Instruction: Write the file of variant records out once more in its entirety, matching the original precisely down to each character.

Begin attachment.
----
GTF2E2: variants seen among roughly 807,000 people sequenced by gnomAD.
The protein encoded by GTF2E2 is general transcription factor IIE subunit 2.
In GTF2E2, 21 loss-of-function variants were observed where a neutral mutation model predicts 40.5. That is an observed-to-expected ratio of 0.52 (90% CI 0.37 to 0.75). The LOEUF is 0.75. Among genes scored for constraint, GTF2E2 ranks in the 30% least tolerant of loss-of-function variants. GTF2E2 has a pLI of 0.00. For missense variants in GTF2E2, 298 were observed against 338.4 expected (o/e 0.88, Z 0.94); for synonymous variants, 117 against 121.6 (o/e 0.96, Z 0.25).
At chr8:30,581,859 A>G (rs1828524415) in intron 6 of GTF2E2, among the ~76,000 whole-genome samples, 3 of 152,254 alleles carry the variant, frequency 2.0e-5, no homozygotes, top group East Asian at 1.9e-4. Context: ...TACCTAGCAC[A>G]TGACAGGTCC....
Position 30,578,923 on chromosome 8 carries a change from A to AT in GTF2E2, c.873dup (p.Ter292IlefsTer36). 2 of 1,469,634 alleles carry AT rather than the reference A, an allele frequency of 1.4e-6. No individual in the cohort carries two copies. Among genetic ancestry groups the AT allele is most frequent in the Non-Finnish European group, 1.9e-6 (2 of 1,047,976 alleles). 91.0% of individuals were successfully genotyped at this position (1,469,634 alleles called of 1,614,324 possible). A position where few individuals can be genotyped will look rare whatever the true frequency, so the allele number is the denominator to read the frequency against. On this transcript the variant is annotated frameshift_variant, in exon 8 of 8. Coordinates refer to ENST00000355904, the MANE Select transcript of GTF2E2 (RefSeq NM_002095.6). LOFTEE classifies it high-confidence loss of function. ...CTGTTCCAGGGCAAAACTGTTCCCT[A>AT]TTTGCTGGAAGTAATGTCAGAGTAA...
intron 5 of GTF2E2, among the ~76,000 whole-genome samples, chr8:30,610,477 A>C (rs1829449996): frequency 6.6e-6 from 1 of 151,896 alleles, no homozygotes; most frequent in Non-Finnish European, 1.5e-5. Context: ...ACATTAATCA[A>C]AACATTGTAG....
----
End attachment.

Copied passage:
GTF2E2: variants seen among roughly 807,000 people sequenced by gnomAD.
The protein encoded by GTF2E2 is general transcription factor IIE subunit 2.
In GTF2E2, 21 loss-of-function variants were observed where a neutral mutation model predicts 40.5. That is an observed-to-expected ratio of 0.52 (90% CI 0.37 to 0.75). The LOEUF is 0.75. Among genes scored for constraint, GTF2E2 ranks in the 30% least tolerant of loss-of-function variants. GTF2E2 has a pLI of 0.00. For missense variants in GTF2E2, 298 were observed against 338.4 expected (o/e 0.88, Z 0.94); for synonymous variants, 117 against 121.6 (o/e 0.96, Z 0.25).
At chr8:30,581,859 A>G (rs1828524415) in intron 6 of GTF2E2, among the ~76,000 whole-genome samples, 3 of 152,254 alleles carry the variant, frequency 2.0e-5, no homozygotes, top group East Asian at 1.9e-4. Context: ...TACCTAGCAC[A>G]TGACAGGTCC....
Position 30,578,923 on chromosome 8 carries a change from A to AT in GTF2E2, c.873dup (p.Ter292IlefsTer36). 2 of 1,469,634 alleles carry AT rather than the reference A, an allele frequency of 1.4e-6. No individual in the cohort carries two copies. Among genetic ancestry groups the AT allele is most frequent in the Non-Finnish European group, 1.9e-6 (2 of 1,047,976 alleles). 91.0% of individuals were successfully genotyped at this position (1,469,634 alleles called of 1,614,324 possible). A position where few individuals can be genotyped will look rare whatever the true frequency, so the allele number is the denominator to read the frequency against. On this transcript the variant is annotated frameshift_variant, in exon 8 of 8. Coordinates refer to ENST00000355904, the MANE Select transcript of GTF2E2 (RefSeq NM_002095.6). LOFTEE classifies it high-confidence loss of function. ...CTGTTCCAGGGCAAAACTGTTCCCT[A>AT]TTTGCTGGAAGTAATGTCAGAGTAA...
intron 5 of GTF2E2, among the ~76,000 whole-genome samples, chr8:30,610,477 A>C (rs1829449996): frequency 6.6e-6 from 1 of 151,896 alleles, no homozygotes; most frequent in Non-Finnish European, 1.5e-5. Context: ...ACATTAATCA[A>C]AACATTGTAG....